Hepatitis C is back in the news following Merck & Co’s $3.89 billion offer to buy Idenix Pharmaceuticals and regulators in Scotland backing the use of Gilead Sciences’ blockbuster Sovaldi for use on the NHS.

First up, Merck is paying $24.50 per share, over three times Idenix's closing price on Friday of $7.23. The latter currently has three HCV drug candidates, including the late-stage NS5A inhibitor samatasvir, although attracting most attention is the nucleotide inhibitor IDX21437, which is in Phase II.

Merck will combine the latter with its protease inhibitor MK-5172 and the  NS5A inhibitor MK-8742, a closely-watched combo that has received breakthrough therapy designation from the US Food and Drug Administration. R&D chief Roger Perlmutter noted Idenix has established a promising portfolio “based on its expertise in nucleoside/nucleotide chemistry and prodrug technologies”.

He added that its HCV candidates “complement our promising therapies in development”. They will “help advance our work to develop a highly effective, once-daily, all oral, ribavirin-free, pan-genotypic regimen that has a duration of treatment as short as possible for millions of patients in need around the world”, Dr Perlmutter concluded.

The deal is being seen as quite a coup for Merck, as its offer has beaten bids from AbbVie and Johnson & Johnson, who are also looking to get a slice of the lucrative HCV pie.

SMC backs restricted use of Sovaldi

The market is very much dominated by Sovaldi (sofosbuvir) and Gilead has been boosted by the news that the Scottish Medicines Consortium has accepted its huge-selling once-daily oral nucleotide inhibitor for restricted use by NHS Scotland in combination with other HCV drugs.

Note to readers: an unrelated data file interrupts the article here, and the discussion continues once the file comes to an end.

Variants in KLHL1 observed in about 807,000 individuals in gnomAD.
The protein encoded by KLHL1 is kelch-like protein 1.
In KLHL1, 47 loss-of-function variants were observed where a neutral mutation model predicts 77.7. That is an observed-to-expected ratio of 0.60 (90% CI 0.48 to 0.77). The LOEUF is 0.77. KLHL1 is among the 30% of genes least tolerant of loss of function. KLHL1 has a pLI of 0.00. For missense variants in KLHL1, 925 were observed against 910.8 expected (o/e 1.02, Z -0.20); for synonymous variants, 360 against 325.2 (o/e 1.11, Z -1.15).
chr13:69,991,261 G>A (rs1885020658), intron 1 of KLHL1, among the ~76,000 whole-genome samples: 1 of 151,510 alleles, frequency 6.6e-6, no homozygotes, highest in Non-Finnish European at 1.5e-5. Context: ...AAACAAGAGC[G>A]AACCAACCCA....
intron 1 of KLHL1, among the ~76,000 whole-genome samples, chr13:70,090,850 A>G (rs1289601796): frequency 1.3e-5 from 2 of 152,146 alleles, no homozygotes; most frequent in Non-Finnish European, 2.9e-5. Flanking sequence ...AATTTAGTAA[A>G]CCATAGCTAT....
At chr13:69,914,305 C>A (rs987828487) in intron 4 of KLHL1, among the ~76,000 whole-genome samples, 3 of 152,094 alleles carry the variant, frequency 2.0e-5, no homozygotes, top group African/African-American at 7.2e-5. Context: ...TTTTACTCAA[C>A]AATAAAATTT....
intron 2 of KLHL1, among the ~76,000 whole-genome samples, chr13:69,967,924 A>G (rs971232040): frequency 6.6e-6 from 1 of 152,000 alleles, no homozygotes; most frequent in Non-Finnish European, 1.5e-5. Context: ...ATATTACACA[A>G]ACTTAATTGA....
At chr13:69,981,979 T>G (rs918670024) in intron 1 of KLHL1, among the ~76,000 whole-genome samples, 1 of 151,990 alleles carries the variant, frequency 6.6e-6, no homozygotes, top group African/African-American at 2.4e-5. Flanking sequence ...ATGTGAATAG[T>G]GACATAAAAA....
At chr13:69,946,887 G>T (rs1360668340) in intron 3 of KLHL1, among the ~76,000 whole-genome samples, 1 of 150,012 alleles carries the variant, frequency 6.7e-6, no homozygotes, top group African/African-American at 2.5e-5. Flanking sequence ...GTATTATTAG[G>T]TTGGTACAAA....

Specifically, Sovaldi has been accepted for use in patients with genotypes 1 to 6, while use in treatment-naive patients with genotype 2 is restricted to those who cannot take peginterferon alfa. Also use of the 24-week interferon-free regimen of Sovaldi plus ribavirin in patients with genotype 3 is restricted again to those who are ineligible for, or are unable to tolerate, peginterferon alfa.

Gilead noted that in Scotland, since 1996, liver-related deaths among people diagnosed with HCV have increased three-fold, with deaths now outstripping those associated with HIV. Stelios Karagiannoglou, the firm’s general manager in the UK, said “we are pleased that the SMC have recognised the significant efficacy and safety profile demonstrated by sofosbuvir in clinical studies and therefore agree it is a valuable use of NHS resources”. A 12 week course of Sovaldi would cost £34,983, based on the NHS list price of £11,661 for 28 x 400mg tabs

Petra Wright, Scottish officer for the Hepatitis C Trust said that “the advent of these ‘patient friendly’ medications will reduce treatment duration and the severity of side effects”. She added that the Sovaldi thumbs-up “is a step in the right direction which we hope will hasten the elimination of HCV from Scotland”.